Use M mode if you are are not going to use your camera's meter to determine your exposure, such as when using external manual flash or when setting a fixed exposure for a series of shots that need to be absolutely consistent, such as for a panorama. Also use M if you are in an environment where the meter is regularly being fooled and AV is not giving you good results.

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    rspears's Avatar
    rspears is offline The Wedding Guy
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    I'd respectfully disagree with idcanyon. It may be a matter of preference, and as Bryan Peterson says in his book "Understanding Exposure" (great book by the way) The best settings to use are the ones that will give you the correct exposure.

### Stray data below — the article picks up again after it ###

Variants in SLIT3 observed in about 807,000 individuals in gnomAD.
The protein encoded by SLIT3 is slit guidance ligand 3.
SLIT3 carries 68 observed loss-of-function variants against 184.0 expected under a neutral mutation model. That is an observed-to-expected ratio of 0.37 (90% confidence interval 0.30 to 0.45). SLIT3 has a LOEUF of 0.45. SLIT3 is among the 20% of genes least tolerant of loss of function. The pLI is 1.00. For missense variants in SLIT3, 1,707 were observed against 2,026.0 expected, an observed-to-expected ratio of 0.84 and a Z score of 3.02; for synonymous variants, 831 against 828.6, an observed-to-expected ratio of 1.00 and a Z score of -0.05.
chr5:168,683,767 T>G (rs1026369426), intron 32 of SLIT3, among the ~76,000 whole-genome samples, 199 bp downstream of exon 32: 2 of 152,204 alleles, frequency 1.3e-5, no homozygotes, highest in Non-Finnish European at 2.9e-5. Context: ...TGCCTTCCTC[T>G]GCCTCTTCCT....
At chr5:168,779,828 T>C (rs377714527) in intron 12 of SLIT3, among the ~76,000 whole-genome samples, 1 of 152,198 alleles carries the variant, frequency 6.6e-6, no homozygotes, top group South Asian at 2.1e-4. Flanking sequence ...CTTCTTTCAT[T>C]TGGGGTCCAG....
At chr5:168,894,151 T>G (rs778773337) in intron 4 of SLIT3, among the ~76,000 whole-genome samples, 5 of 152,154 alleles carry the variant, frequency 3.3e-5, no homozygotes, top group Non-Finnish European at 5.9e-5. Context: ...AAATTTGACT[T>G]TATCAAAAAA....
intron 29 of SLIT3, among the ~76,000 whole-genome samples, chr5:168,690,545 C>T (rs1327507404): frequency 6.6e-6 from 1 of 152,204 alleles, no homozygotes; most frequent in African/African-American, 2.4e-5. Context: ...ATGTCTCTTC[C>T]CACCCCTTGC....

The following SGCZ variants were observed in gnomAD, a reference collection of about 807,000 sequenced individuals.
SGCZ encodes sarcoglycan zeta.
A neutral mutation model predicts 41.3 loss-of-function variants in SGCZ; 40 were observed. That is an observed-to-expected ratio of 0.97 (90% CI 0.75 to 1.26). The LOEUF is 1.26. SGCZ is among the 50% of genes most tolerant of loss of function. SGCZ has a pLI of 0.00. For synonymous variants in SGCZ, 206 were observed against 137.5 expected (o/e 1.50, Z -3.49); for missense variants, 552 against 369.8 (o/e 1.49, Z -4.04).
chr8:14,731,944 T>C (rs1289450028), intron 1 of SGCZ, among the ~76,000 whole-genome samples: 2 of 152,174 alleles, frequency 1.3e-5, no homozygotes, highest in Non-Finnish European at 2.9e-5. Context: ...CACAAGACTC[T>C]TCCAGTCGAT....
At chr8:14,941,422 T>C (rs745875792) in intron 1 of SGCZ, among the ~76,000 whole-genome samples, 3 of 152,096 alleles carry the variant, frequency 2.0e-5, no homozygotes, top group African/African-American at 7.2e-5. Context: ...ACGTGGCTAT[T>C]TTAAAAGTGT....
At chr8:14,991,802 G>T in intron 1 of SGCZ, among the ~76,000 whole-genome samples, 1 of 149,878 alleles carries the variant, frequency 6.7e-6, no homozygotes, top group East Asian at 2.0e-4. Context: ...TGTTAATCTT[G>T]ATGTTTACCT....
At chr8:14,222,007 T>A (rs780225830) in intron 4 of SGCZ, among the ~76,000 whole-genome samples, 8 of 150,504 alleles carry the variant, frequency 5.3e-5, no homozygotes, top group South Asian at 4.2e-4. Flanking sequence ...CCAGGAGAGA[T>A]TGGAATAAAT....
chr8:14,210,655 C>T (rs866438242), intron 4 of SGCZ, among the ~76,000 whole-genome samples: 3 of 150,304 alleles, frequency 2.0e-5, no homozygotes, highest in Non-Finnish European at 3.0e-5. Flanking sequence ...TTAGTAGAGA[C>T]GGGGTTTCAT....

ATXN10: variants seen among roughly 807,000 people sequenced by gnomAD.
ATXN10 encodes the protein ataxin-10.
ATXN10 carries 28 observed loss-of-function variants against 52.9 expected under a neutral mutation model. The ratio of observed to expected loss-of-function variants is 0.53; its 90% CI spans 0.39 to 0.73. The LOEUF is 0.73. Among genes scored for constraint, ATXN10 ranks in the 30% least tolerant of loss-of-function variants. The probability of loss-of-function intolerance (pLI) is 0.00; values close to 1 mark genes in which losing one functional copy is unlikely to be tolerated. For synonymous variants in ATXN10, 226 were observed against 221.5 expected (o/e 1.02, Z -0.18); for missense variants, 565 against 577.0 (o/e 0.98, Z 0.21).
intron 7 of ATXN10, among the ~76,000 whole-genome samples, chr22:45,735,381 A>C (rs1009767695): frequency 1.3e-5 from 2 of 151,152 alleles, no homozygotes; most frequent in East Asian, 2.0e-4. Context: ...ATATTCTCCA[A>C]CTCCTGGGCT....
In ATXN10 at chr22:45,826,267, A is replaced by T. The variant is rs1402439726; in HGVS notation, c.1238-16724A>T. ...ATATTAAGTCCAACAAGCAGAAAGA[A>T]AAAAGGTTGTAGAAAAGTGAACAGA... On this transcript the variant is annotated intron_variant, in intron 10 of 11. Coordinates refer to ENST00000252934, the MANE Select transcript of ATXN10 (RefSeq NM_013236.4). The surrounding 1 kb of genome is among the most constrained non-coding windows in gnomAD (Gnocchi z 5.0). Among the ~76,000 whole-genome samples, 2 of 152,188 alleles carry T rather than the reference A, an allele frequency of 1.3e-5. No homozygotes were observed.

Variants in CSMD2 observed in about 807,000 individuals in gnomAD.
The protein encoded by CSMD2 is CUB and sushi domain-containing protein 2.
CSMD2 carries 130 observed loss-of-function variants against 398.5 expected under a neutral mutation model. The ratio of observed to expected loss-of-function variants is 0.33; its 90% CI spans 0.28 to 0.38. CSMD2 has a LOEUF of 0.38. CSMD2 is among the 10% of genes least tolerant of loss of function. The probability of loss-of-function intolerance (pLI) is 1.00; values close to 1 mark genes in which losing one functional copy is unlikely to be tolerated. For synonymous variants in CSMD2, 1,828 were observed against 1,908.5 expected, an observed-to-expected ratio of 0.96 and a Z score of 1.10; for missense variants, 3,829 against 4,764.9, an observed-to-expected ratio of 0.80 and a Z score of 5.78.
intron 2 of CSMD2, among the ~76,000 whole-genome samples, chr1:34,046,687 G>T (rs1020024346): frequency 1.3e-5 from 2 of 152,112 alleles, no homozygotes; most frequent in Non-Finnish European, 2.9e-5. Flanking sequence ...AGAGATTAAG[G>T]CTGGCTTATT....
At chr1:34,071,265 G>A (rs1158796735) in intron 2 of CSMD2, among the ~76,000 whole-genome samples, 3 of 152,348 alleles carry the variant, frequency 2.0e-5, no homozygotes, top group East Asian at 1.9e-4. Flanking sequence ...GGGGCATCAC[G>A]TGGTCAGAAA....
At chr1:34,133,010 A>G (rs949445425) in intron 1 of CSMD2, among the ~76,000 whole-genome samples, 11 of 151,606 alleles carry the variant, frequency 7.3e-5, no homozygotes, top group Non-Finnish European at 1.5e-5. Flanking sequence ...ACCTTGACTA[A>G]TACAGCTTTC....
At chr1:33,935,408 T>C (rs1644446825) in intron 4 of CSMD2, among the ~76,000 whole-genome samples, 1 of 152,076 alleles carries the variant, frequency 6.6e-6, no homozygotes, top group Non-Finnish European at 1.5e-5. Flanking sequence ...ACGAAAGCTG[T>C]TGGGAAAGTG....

I tend to use Manual when I'm in situations where I control the light (or flash) and the ambient light is not changing. If I'm in a situation where I'm changing locations quickly or the light is changing (like at a wedding) then I'm likely to be in Aperture Priority mode. Then I only have to change my aperture settings for when I want to manipulate the depth of field.

    so to answer the original post question, an indoor portrait session with natural light, I would be in manual mode. The settings I usually use in a portrait session are going to be from f5.6 to f8 because that's the "sweet spot" for most of my lenses where I get the sharpest picture, then I'll adjust my shutter speed and ISO to the correct exposure
    Rich Spears www.rspearsphotography.com